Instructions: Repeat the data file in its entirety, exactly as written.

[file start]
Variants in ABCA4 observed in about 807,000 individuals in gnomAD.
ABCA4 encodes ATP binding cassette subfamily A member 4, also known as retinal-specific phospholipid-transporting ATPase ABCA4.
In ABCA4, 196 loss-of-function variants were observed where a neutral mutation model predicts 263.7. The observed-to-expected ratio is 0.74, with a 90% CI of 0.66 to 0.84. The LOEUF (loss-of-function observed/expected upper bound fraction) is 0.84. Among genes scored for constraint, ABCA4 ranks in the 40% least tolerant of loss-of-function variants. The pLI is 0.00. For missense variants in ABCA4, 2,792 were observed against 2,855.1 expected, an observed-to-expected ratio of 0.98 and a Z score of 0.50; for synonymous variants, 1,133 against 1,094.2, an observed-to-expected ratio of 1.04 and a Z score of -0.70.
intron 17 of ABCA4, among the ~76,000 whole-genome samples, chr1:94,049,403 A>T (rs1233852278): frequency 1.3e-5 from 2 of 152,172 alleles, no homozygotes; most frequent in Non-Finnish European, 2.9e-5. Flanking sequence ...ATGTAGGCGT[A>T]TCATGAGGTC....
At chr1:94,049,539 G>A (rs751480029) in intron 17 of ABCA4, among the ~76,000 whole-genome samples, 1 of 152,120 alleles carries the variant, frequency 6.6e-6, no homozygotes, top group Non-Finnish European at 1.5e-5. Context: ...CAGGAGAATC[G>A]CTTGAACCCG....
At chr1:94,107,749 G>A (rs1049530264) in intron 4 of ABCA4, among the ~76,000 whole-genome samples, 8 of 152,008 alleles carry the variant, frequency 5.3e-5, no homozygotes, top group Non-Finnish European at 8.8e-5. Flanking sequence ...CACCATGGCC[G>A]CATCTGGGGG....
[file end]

Variants in ABCA4 observed in about 807,000 individuals in gnomAD.
ABCA4 encodes ATP binding cassette subfamily A member 4, also known as retinal-specific phospholipid-transporting ATPase ABCA4.
In ABCA4, 196 loss-of-function variants were observed where a neutral mutation model predicts 263.7. The observed-to-expected ratio is 0.74, with a 90% CI of 0.66 to 0.84. The LOEUF (loss-of-function observed/expected upper bound fraction) is 0.84. Among genes scored for constraint, ABCA4 ranks in the 40% least tolerant of loss-of-function variants. The pLI is 0.00. For missense variants in ABCA4, 2,792 were observed against 2,855.1 expected, an observed-to-expected ratio of 0.98 and a Z score of 0.50; for synonymous variants, 1,133 against 1,094.2, an observed-to-expected ratio of 1.04 and a Z score of -0.70.
intron 17 of ABCA4, among the ~76,000 whole-genome samples, chr1:94,049,403 A>T (rs1233852278): frequency 1.3e-5 from 2 of 152,172 alleles, no homozygotes; most frequent in Non-Finnish European, 2.9e-5. Flanking sequence ...ATGTAGGCGT[A>T]TCATGAGGTC....
At chr1:94,049,539 G>A (rs751480029) in intron 17 of ABCA4, among the ~76,000 whole-genome samples, 1 of 152,120 alleles carries the variant, frequency 6.6e-6, no homozygotes, top group Non-Finnish European at 1.5e-5. Context: ...CAGGAGAATC[G>A]CTTGAACCCG....
At chr1:94,107,749 G>A (rs1049530264) in intron 4 of ABCA4, among the ~76,000 whole-genome samples, 8 of 152,008 alleles carry the variant, frequency 5.3e-5, no homozygotes, top group Non-Finnish European at 8.8e-5. Flanking sequence ...CACCATGGCC[G>A]CATCTGGGGG....